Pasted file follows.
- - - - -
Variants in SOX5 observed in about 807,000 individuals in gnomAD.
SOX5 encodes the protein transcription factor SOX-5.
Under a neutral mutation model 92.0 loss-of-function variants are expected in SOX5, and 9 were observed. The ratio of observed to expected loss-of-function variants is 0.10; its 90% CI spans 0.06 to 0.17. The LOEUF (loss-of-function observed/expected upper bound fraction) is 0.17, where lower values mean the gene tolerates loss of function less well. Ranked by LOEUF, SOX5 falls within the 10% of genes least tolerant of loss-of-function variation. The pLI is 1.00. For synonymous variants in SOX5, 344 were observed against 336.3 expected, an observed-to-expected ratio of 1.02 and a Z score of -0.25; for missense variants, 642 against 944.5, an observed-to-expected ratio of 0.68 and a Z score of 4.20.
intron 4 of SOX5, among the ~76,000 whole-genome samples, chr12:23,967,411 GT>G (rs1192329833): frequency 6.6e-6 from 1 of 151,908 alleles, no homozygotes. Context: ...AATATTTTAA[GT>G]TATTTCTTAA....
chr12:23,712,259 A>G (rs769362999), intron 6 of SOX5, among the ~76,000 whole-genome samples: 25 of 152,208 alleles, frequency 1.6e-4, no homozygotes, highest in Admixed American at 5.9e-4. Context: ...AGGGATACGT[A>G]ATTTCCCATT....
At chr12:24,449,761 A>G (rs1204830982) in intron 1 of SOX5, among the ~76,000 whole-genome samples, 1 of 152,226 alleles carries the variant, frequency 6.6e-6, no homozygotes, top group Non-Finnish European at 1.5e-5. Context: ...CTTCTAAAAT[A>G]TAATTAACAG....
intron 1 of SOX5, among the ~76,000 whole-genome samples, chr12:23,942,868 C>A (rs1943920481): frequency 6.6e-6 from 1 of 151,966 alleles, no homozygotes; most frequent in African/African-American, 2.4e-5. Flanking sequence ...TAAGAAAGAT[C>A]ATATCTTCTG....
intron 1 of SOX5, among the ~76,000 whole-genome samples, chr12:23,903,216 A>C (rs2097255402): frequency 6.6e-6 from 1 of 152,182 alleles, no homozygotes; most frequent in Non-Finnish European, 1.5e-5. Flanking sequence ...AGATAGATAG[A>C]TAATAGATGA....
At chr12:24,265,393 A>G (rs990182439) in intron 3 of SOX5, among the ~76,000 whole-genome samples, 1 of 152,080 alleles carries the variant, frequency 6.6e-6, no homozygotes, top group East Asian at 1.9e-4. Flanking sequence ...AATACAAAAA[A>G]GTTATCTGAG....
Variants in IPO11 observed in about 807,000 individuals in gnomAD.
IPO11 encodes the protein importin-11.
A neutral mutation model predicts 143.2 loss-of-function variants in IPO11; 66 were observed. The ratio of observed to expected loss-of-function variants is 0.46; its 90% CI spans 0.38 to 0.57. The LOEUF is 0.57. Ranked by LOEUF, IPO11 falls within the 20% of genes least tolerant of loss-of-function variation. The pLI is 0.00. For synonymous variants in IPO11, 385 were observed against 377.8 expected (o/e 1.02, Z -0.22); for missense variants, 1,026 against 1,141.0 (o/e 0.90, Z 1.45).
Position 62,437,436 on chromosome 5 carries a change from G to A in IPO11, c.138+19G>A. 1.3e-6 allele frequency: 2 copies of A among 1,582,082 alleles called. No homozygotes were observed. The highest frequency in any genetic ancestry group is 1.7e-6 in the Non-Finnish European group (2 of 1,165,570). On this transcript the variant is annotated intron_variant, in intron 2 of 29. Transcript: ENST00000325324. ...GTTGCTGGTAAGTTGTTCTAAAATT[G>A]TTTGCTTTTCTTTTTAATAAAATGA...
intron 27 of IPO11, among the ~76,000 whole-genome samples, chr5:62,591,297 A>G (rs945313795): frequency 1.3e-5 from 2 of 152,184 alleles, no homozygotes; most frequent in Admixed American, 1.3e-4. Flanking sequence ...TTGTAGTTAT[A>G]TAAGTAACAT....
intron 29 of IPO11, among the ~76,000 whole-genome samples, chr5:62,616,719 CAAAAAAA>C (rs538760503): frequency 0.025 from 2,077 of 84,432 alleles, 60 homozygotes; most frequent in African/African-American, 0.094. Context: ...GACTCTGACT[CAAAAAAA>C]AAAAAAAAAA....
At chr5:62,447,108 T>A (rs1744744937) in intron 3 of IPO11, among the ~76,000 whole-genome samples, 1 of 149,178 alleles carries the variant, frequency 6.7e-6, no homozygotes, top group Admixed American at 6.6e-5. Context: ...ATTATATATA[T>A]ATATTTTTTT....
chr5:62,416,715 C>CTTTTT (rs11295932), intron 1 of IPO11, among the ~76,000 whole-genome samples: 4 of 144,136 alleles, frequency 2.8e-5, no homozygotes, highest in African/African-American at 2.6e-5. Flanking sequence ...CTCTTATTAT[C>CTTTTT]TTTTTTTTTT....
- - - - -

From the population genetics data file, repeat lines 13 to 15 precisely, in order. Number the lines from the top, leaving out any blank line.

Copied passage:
Position 62,437,436 on chromosome 5 carries a change from G to A in IPO11, c.138+19G>A. 1.3e-6 allele frequency: 2 copies of A among 1,582,082 alleles called. No homozygotes were observed. The highest frequency in any genetic ancestry group is 1.7e-6 in the Non-Finnish European group (2 of 1,165,570). On this transcript the variant is annotated intron_variant, in intron 2 of 29. Transcript: ENST00000325324. ...GTTGCTGGTAAGTTGTTCTAAAATT[G>A]TTTGCTTTTCTTTTTAATAAAATGA...
intron 27 of IPO11, among the ~76,000 whole-genome samples, chr5:62,591,297 A>G (rs945313795): frequency 1.3e-5 from 2 of 152,184 alleles, no homozygotes; most frequent in Admixed American, 1.3e-4. Flanking sequence ...TTGTAGTTAT[A>G]TAAGTAACAT....
intron 29 of IPO11, among the ~76,000 whole-genome samples, chr5:62,616,719 CAAAAAAA>C (rs538760503): frequency 0.025 from 2,077 of 84,432 alleles, 60 homozygotes; most frequent in African/African-American, 0.094. Context: ...GACTCTGACT[CAAAAAAA>C]AAAAAAAAAA....